Last-mile delivery startup Trexity has more fuel to power its cross-Canada expansion drive.
A pair of Quebec-based funds, AQC Capital and Anges Québec, have invested a total of $1 million in the Ottawa-based startup, the firm announced Thursday.
Trexity, which finalized a $5-million seed round in May, currently provides on-demand package and food delivery services in Ottawa-Gatineau, Calgary, Toronto and Winnipeg.
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The company, which was founded in 2019 by ex-Shopify executive Alok Ahuja and his business partners Mathieu Bouchard and Darren Schnare, says the latest investment will help finance its upcoming move into Montreal and Vancouver as it continues to extend its geographic reach.
“We walked through our vision, and both AQC Capital and Anges Québec just plain got it,” Ahuja said in a statement. “Their investment and knowhow is absolutely elemental for our business – both technically as well as our future expansion into the province of Quebec.”
Nearly 1,000 merchants – including well-known Ottawa retailers such as Dominion City Brewing, Happy Goat Coffee and Kettleman’s Bagel Co. – now use Trexity to provide same-day delivery to customers via a network of thousands of drivers.
In addition to growing its Canadian footprint, the company also plans to set up shop in select mid-sized U.S. cities in the near future as it tries to carve out in a niche in a crowded space that includes household names like Uber Eats and DoorDash, as well as up-and-coming same-day delivery software startups such as Tyltgo, StoreToDoor, Swyft and another fast-growing Ottawa company, GoFor.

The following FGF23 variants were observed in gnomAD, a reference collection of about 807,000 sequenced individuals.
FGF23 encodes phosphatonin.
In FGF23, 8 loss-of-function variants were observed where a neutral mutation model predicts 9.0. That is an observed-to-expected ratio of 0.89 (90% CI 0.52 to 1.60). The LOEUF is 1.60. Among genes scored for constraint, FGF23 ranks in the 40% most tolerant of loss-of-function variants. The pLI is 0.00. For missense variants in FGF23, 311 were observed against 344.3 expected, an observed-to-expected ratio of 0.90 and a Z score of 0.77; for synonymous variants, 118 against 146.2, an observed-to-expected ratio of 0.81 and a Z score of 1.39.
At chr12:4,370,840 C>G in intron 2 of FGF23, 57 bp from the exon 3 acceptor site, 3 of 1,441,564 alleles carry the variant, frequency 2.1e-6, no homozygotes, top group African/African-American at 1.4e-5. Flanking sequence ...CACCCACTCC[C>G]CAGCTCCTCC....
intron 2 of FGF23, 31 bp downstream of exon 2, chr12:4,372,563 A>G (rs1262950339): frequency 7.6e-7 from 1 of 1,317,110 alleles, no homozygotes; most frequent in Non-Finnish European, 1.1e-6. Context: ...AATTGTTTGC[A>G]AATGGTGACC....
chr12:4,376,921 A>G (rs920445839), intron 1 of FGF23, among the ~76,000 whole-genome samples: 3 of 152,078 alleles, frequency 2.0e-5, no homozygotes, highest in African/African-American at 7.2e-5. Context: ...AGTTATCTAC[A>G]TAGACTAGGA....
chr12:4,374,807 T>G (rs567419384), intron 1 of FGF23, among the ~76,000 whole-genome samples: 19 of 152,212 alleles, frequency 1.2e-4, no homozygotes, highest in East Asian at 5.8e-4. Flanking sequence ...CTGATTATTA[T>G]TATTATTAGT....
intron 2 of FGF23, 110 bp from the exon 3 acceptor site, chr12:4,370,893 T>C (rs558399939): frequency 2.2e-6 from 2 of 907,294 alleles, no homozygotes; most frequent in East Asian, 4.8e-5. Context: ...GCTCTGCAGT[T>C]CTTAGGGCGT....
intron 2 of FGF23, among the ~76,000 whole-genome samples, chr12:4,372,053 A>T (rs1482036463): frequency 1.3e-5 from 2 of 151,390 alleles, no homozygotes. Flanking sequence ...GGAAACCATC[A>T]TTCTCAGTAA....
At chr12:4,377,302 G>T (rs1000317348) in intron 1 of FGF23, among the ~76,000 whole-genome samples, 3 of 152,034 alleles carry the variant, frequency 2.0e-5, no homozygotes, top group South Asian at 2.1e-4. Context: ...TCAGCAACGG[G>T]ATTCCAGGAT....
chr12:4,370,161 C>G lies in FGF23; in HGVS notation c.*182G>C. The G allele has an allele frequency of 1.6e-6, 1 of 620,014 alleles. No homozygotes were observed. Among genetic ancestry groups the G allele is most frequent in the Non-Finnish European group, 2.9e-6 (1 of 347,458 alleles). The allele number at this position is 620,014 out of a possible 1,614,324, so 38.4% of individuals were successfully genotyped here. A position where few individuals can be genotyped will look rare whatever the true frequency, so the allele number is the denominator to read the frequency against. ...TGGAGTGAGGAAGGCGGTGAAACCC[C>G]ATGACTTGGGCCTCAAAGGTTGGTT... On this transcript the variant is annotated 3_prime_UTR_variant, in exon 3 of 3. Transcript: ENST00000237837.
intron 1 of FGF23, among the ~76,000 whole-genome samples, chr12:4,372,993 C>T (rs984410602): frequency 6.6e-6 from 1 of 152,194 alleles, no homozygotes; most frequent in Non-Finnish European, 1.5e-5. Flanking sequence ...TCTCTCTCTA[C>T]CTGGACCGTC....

Despite the stiff competition, Ahuja told Techopia last spring he likes his company’s chances.
“There’s a lot of room here, and this won’t be won by one specific player,” he said.
AQC Capital chief executive Serge Beauchemin said Trexity has the talent and technological expertise to become a mainstay in a fast-growing industry.
“We believe that delivery services that are predictable, secure, real-time traceable and deliverable the same day will increasingly be an essential component to the success of all online merchants,” Beauchemin said in a statement.
The 23-person company doesn’t charge merchants monthly fees or take a commission. Trexity charges a flat-rate delivery fee, which is included in the purchase price of delivered items.
Trexity then bills retailers for the amount of the fee. Drivers – independent contractors who pay for their own gas and other car-related expenses – receive 70 per cent of the total delivery charge, with the company keeping the rest.
Partnership with Shopify
Trexity also benefits from partnerships with e-commerce platforms Shopify and Bold Commerce, which allow merchants who use their software to sign up with Trexity at the click of a mouse.
And unlike some competitors who pay licensing fees to access delivery-tracking technology, Trexity has its own system that taps into Google Maps, Mapbox and other services to provide real-time tracking of each order using GPS. The software automatically “bundles” deliveries in the same neighbourhood, helping drivers find the fastest, most efficient routes to their destinations.
“When you create these dense pockets of deliveries, it’s very cost-effective,” Ahuja told Techopia. “When we launched bundling, it took our company to a whole other level.”
The firm, which says hundreds of merchants use its platform every day, is projecting full-year revenues of between $1.5 million and $2.2 million. Ahuja has made no secret of his hope that Trexity will become the first choice of customers around the world for last-mile delivery.
“For me, it’s global domination or nothing,” he said last May. “I want it all. We can take this as far as we want to take it. There’s nothing that’s really going to stop us.”